Amazon Settles Privacy Case


Amazon has settled a lawsuit alleging that it circumvented the privacy settings of Internet Explorer users, according to court papers filed on Thursday. Details of the settlement, including any financial terms, have not been made public.

The deal puts an end to a case originally filed by Nicole Del Vecchio and Ariana Del Vecchio in March 2011. They alleged the online retailer got around the privacy filters built into Internet Explorer by "spoofing" the browser into classifying Amazon as offering more privacy protections than it did.

Since 2001, Internet Explorer has allowed users to automatically reject certain cookies, including tracking cookies, but this feature only works when Web site operators provide accurate data about their privacy policies. (That feature is different from the new do-not-tracksetting in IE10).



But a Carnegie Mellon University study that came out before the lawsuit detailed how Web companies thwart privacy settings by providing incorrect data to Microsoft's Internet Explorer. That report stated that many operators "are misrepresenting their privacy practices, thus misleading users and rendering privacy protection tools ineffective." Amazon allegedly was among those operators. Rather than using a readable code, Amazon's compact policy was "gibberish," the lawsuit alleged.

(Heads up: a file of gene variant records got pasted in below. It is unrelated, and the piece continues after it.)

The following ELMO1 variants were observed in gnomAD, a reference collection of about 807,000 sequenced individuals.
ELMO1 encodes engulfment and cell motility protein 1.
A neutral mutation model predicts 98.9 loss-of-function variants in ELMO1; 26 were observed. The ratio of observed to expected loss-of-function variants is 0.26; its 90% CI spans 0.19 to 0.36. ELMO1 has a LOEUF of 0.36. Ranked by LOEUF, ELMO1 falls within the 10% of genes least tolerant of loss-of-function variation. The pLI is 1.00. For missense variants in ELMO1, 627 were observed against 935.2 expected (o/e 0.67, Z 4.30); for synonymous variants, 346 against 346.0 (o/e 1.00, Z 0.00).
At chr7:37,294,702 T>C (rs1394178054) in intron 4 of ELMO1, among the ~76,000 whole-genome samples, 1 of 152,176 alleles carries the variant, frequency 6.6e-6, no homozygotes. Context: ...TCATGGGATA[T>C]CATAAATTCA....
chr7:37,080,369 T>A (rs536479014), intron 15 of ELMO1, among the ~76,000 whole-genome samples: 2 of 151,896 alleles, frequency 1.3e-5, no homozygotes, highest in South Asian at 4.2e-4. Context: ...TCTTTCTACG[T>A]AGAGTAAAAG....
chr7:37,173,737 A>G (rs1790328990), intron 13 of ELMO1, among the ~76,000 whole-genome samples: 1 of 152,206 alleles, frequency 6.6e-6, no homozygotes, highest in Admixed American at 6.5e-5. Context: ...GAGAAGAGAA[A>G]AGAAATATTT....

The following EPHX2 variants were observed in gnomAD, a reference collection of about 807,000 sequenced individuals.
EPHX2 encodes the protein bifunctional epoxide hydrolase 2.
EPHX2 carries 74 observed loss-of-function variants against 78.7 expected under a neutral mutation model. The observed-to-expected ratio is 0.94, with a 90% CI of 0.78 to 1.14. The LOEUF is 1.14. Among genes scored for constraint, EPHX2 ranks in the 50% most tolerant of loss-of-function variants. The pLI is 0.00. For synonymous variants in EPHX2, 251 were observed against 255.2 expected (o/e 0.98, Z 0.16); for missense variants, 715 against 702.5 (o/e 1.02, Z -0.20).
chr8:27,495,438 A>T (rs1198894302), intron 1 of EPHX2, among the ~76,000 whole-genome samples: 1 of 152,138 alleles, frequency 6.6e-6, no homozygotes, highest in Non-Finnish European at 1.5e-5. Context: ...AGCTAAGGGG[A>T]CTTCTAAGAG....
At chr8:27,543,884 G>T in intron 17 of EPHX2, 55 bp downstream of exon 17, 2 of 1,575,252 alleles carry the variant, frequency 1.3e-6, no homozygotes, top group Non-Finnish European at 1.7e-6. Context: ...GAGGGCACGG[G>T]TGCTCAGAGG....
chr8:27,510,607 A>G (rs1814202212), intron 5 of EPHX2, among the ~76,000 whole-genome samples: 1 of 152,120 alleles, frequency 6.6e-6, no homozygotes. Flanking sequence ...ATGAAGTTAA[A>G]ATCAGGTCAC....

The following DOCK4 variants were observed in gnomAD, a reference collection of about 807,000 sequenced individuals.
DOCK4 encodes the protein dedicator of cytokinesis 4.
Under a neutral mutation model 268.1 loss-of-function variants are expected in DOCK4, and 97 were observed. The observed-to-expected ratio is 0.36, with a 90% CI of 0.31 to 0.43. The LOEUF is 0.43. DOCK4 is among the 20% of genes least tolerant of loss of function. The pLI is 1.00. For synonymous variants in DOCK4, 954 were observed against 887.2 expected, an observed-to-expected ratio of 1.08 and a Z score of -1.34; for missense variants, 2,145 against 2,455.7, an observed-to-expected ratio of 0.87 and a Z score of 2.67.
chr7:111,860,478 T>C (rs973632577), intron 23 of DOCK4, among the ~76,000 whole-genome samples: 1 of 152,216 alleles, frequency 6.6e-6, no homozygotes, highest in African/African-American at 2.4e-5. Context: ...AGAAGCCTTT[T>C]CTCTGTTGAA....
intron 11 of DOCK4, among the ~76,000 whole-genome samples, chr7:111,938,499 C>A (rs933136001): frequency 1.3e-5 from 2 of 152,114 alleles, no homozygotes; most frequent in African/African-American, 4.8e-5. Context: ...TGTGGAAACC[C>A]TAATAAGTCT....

The Del Vecchios also accused Amazon of circumventing their privacy settings by placing Flash cookies on their computers for tracking purposes. Flash cookies were originally designed to allow sites to remember users' preferences for online video players and other Flash-based applications. But some sites also use them to track users.

Until recently, Flash cookies were harder for many users to delete than HTTP cookies.

Last year, Amazon convinced U.S. District Court Judge Robert Lasnik in Seattle, Wash., to dismiss the case on the ground that the Del Vecchios didn't allege they were harmed by Amazon.

The Del Vecchios revised their papers in January. Shortly afterward, Amazon asked Lasnik to throw out the amended lawsuit. But the case was settled before he ruled on that request.

The case was filed as a class-action, but Amazon settled the lawsuit before it was certified as a class-action.


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